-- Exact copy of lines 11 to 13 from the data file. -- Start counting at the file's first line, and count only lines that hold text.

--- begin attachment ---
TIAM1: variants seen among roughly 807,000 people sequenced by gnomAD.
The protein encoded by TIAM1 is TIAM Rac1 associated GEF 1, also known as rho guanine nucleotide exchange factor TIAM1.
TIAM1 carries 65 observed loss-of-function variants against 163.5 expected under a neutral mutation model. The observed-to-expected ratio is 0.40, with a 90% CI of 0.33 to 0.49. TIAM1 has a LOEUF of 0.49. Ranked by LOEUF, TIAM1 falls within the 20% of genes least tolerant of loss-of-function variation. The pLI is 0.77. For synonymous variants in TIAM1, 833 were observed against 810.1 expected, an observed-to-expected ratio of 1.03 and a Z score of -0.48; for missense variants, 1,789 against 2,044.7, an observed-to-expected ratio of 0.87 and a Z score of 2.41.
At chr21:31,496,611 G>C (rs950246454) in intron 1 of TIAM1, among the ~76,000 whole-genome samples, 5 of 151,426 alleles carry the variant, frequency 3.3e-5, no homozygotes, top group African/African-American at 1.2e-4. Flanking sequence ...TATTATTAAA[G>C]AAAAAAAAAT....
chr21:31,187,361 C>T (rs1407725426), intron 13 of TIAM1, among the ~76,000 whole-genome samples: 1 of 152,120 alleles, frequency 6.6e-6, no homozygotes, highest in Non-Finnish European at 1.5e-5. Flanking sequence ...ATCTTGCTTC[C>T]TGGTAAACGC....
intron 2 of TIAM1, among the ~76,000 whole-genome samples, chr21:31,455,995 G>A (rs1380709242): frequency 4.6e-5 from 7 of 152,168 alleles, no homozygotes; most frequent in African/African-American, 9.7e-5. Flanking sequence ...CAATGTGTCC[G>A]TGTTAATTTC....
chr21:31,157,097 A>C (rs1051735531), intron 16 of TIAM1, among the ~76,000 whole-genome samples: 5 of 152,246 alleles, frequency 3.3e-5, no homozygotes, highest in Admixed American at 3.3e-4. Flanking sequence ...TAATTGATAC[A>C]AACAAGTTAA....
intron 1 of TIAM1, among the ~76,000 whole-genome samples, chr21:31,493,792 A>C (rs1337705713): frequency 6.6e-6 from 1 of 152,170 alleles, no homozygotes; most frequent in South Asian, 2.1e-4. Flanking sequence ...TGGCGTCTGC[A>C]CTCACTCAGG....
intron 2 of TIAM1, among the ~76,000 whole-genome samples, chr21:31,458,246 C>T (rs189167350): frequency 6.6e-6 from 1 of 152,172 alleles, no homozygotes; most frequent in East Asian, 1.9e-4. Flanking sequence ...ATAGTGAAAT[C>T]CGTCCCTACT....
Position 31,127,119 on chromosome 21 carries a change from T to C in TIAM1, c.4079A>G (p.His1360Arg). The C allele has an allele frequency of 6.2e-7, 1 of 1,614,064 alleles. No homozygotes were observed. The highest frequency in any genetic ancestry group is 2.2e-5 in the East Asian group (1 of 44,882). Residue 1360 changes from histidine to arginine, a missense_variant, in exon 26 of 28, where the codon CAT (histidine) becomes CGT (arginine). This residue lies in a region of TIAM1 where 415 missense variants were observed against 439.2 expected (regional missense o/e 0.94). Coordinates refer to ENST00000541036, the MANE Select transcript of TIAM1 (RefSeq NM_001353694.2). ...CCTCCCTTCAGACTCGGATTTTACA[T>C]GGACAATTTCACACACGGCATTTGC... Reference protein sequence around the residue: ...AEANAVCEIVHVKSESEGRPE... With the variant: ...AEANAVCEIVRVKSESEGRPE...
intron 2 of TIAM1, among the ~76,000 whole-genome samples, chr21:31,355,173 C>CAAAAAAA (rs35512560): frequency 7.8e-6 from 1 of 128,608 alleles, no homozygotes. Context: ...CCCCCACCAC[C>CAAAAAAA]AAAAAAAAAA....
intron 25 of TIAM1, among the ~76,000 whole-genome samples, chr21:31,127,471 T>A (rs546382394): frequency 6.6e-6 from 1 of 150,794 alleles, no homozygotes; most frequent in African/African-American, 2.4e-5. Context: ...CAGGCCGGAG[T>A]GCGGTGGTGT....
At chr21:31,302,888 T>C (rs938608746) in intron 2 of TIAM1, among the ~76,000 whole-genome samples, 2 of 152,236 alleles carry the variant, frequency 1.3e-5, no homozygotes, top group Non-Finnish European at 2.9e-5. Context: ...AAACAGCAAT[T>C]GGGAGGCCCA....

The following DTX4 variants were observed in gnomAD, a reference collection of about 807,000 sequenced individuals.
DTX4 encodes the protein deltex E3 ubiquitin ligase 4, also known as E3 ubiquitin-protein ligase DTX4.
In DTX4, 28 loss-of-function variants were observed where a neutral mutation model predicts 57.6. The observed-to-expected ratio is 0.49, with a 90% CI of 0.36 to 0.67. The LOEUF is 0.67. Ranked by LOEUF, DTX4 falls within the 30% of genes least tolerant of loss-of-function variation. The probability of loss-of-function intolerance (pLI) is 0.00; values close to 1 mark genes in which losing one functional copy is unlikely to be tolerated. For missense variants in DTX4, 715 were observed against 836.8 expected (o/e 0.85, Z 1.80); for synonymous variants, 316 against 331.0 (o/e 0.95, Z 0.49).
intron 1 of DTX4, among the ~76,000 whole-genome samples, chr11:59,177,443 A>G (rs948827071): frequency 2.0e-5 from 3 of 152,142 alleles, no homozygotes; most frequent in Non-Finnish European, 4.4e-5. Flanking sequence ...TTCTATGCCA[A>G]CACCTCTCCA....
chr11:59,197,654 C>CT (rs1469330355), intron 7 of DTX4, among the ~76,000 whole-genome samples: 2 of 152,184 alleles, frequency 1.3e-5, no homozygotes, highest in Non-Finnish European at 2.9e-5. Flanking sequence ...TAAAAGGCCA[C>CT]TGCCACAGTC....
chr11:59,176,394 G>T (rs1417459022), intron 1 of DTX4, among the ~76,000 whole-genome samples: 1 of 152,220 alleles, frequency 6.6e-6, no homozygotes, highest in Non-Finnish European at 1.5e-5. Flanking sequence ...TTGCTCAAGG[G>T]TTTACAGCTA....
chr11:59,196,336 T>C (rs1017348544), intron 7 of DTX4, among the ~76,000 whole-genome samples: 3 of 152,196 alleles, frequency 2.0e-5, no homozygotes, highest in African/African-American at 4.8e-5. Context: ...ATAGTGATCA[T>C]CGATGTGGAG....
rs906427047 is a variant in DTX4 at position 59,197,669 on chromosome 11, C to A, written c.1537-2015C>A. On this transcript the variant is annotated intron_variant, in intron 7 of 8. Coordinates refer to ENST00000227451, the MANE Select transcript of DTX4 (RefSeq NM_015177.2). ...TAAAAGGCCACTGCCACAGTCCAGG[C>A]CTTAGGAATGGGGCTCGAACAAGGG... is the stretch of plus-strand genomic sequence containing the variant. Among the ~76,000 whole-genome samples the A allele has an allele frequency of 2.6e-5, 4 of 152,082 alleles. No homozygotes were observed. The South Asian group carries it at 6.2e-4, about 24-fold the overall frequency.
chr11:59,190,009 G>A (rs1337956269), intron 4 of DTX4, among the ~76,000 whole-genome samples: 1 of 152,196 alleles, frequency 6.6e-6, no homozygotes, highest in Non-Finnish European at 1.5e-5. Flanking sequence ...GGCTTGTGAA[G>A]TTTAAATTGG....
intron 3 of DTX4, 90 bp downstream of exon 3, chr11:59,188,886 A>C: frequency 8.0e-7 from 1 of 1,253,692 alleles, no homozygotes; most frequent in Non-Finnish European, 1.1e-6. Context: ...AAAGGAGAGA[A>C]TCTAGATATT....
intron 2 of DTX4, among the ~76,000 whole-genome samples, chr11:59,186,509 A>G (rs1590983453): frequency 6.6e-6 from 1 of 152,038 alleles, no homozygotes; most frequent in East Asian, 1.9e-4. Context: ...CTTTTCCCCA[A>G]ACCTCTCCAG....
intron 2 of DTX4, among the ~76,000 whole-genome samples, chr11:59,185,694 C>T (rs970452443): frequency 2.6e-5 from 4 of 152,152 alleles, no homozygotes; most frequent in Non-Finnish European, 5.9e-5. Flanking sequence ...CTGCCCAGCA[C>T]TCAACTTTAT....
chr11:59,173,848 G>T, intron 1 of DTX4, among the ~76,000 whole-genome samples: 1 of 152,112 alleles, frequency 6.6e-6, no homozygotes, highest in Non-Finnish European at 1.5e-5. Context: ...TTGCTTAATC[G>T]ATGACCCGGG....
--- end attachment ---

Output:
intron 2 of TIAM1, among the ~76,000 whole-genome samples, chr21:31,355,173 C>CAAAAAAA (rs35512560): frequency 7.8e-6 from 1 of 128,608 alleles, no homozygotes. Context: ...CCCCCACCAC[C>CAAAAAAA]AAAAAAAAAA....
intron 25 of TIAM1, among the ~76,000 whole-genome samples, chr21:31,127,471 T>A (rs546382394): frequency 6.6e-6 from 1 of 150,794 alleles, no homozygotes; most frequent in African/African-American, 2.4e-5. Context: ...CAGGCCGGAG[T>A]GCGGTGGTGT....
At chr21:31,302,888 T>C (rs938608746) in intron 2 of TIAM1, among the ~76,000 whole-genome samples, 2 of 152,236 alleles carry the variant, frequency 1.3e-5, no homozygotes, top group Non-Finnish European at 2.9e-5. Context: ...AAACAGCAAT[T>C]GGGAGGCCCA....